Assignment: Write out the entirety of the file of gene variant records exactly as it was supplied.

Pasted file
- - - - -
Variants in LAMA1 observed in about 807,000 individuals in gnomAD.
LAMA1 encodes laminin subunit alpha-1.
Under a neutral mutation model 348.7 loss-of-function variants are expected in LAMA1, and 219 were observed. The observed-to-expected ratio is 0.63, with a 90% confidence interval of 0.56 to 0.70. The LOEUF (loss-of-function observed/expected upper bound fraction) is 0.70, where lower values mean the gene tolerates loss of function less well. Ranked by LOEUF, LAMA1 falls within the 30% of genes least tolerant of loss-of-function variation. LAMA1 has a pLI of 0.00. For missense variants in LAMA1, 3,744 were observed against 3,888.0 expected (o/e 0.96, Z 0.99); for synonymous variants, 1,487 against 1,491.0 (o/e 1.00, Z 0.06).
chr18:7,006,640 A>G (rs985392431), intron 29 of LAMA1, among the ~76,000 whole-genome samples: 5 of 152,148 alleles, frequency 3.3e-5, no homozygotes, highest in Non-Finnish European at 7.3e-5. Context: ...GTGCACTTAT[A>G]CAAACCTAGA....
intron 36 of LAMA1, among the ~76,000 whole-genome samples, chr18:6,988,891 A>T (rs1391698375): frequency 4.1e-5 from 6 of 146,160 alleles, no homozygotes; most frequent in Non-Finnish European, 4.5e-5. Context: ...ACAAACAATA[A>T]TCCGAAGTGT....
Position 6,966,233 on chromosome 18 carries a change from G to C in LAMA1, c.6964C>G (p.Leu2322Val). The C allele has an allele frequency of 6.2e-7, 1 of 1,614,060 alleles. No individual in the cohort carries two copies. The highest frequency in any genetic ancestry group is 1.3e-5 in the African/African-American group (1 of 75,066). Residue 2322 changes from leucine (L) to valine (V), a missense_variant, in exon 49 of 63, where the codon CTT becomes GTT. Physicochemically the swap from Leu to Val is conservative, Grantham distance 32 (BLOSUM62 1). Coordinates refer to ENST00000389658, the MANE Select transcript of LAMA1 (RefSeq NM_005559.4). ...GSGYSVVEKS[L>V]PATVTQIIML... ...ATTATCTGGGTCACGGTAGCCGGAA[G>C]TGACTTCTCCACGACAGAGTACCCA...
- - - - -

Variants in LAMA1 observed in about 807,000 individuals in gnomAD.
LAMA1 encodes laminin subunit alpha-1.
Under a neutral mutation model 348.7 loss-of-function variants are expected in LAMA1, and 219 were observed. The observed-to-expected ratio is 0.63, with a 90% confidence interval of 0.56 to 0.70. The LOEUF (loss-of-function observed/expected upper bound fraction) is 0.70, where lower values mean the gene tolerates loss of function less well. Ranked by LOEUF, LAMA1 falls within the 30% of genes least tolerant of loss-of-function variation. LAMA1 has a pLI of 0.00. For missense variants in LAMA1, 3,744 were observed against 3,888.0 expected (o/e 0.96, Z 0.99); for synonymous variants, 1,487 against 1,491.0 (o/e 1.00, Z 0.06).
chr18:7,006,640 A>G (rs985392431), intron 29 of LAMA1, among the ~76,000 whole-genome samples: 5 of 152,148 alleles, frequency 3.3e-5, no homozygotes, highest in Non-Finnish European at 7.3e-5. Context: ...GTGCACTTAT[A>G]CAAACCTAGA....
intron 36 of LAMA1, among the ~76,000 whole-genome samples, chr18:6,988,891 A>T (rs1391698375): frequency 4.1e-5 from 6 of 146,160 alleles, no homozygotes; most frequent in Non-Finnish European, 4.5e-5. Context: ...ACAAACAATA[A>T]TCCGAAGTGT....
Position 6,966,233 on chromosome 18 carries a change from G to C in LAMA1, c.6964C>G (p.Leu2322Val). The C allele has an allele frequency of 6.2e-7, 1 of 1,614,060 alleles. No individual in the cohort carries two copies. The highest frequency in any genetic ancestry group is 1.3e-5 in the African/African-American group (1 of 75,066). Residue 2322 changes from leucine (L) to valine (V), a missense_variant, in exon 49 of 63, where the codon CTT becomes GTT. Physicochemically the swap from Leu to Val is conservative, Grantham distance 32 (BLOSUM62 1). Coordinates refer to ENST00000389658, the MANE Select transcript of LAMA1 (RefSeq NM_005559.4). ...GSGYSVVEKS[L>V]PATVTQIIML... ...ATTATCTGGGTCACGGTAGCCGGAA[G>C]TGACTTCTCCACGACAGAGTACCCA...